• The most common malignant hepatic tumor is by far hepatocellular carcinoma, followed by intrahepatic cholangiocarcinoma. However, other primary malignancies can occur and require specific approaches. • Cystadenocarcinoma is a cystic tumor that usually develops from hepatic biliary cystadenoma. In both cases, radical surgical resection is the treatment of choice. • Primary hepatic lymphomas are very rare (contrary to the frequent secondary involvement of the liver in disseminated non-Hodgkin lymphoma) and frequently associated with hepatitis C virus infection. Chemotherapy is efficient for most tumors and surgical resection indicated for complete resection of limited tumors or to reduce tumor burden before systemic therapy. • Most cases of hepatoblastoma occur in childhood. Prognosis in adults is much poorer due to late diagnosis. Treatment is based on complete surgical resection. • Hepatic epithelioid hemangioendothelioma is a rare vascular tumor with variable degrees of aggressiveness. Surgical resection (including liver transplantation) is the best approach when no extrahepatic involvement is present. • Angiosarcoma, the most common primary hepatic sarcoma, represents up to 2% of primary liver malignancies, occurs more frequently in aged patients, and carries a very poor prognosis. Surgical resection is the best option in resectable cases, although recurrence is very common. Chemotherapy and trans-arterial therapy are used alone (to prevent bleeding and avoid tumor growth) or in combination with surgery.

17. Other Malignant Primary Tumors of the Liver

Matteo Cescon;Valentina Bertuzzo;Gian Luca Grazi;Antonio Daniele Pinna
2016

Abstract

• The most common malignant hepatic tumor is by far hepatocellular carcinoma, followed by intrahepatic cholangiocarcinoma. However, other primary malignancies can occur and require specific approaches. • Cystadenocarcinoma is a cystic tumor that usually develops from hepatic biliary cystadenoma. In both cases, radical surgical resection is the treatment of choice. • Primary hepatic lymphomas are very rare (contrary to the frequent secondary involvement of the liver in disseminated non-Hodgkin lymphoma) and frequently associated with hepatitis C virus infection. Chemotherapy is efficient for most tumors and surgical resection indicated for complete resection of limited tumors or to reduce tumor burden before systemic therapy. • Most cases of hepatoblastoma occur in childhood. Prognosis in adults is much poorer due to late diagnosis. Treatment is based on complete surgical resection. • Hepatic epithelioid hemangioendothelioma is a rare vascular tumor with variable degrees of aggressiveness. Surgical resection (including liver transplantation) is the best approach when no extrahepatic involvement is present. • Angiosarcoma, the most common primary hepatic sarcoma, represents up to 2% of primary liver malignancies, occurs more frequently in aged patients, and carries a very poor prognosis. Surgical resection is the best option in resectable cases, although recurrence is very common. Chemotherapy and trans-arterial therapy are used alone (to prevent bleeding and avoid tumor growth) or in combination with surgery.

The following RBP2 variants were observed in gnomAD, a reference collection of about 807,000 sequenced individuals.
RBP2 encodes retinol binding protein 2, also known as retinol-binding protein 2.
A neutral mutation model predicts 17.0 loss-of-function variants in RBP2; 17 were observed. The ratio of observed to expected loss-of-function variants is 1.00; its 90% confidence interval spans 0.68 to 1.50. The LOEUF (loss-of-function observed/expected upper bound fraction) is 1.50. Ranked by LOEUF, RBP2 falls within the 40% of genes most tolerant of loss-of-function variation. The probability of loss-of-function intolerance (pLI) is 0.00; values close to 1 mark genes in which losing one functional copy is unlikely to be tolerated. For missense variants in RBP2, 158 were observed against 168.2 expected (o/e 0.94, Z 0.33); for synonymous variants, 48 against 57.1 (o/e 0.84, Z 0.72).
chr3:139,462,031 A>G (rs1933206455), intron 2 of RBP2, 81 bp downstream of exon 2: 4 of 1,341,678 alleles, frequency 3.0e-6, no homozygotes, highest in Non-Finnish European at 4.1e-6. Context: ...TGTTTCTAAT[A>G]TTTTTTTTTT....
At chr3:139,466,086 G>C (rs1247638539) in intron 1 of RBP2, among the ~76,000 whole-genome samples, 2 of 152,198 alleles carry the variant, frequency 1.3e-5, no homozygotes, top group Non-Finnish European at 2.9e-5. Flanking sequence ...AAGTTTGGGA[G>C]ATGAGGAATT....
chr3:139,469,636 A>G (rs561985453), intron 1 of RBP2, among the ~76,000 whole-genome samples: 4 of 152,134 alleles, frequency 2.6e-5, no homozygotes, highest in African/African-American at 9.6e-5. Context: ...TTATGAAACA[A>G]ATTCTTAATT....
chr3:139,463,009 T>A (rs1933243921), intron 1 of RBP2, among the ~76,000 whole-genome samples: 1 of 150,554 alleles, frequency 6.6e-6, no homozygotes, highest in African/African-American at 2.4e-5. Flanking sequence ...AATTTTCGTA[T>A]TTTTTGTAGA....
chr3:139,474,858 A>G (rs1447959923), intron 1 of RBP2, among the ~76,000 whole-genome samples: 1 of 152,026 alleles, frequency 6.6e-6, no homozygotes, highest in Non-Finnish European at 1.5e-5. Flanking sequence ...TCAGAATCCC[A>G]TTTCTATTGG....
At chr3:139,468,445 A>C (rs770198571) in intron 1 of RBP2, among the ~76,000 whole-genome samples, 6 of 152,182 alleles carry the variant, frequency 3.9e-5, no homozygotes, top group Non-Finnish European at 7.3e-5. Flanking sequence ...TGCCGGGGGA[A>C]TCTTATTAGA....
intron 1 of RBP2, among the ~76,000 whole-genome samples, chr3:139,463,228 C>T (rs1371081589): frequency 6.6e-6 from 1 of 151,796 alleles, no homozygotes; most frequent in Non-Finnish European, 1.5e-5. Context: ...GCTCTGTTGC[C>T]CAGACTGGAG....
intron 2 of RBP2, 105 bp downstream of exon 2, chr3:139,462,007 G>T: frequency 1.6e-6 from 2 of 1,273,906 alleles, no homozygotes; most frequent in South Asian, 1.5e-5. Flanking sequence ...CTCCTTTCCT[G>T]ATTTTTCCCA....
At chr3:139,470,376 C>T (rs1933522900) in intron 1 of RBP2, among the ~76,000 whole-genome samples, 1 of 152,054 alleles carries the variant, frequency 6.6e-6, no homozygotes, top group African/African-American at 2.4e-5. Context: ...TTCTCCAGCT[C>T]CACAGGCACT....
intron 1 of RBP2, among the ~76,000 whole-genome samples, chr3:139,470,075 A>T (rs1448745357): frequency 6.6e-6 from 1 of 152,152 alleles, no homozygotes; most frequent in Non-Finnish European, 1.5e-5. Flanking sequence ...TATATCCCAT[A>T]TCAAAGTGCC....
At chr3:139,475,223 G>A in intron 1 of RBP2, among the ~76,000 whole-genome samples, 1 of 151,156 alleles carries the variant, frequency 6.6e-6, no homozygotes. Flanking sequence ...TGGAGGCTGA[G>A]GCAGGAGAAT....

Principles of Hepatic Surgery
280
294
Matteo Cescon, Valentina Bertuzzo, Gian Luca Grazi, Antonio Daniele Pinna
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Utilizza questo identificativo per citare o creare un link a questo documento: http://hdl.handle.net/11585/655639
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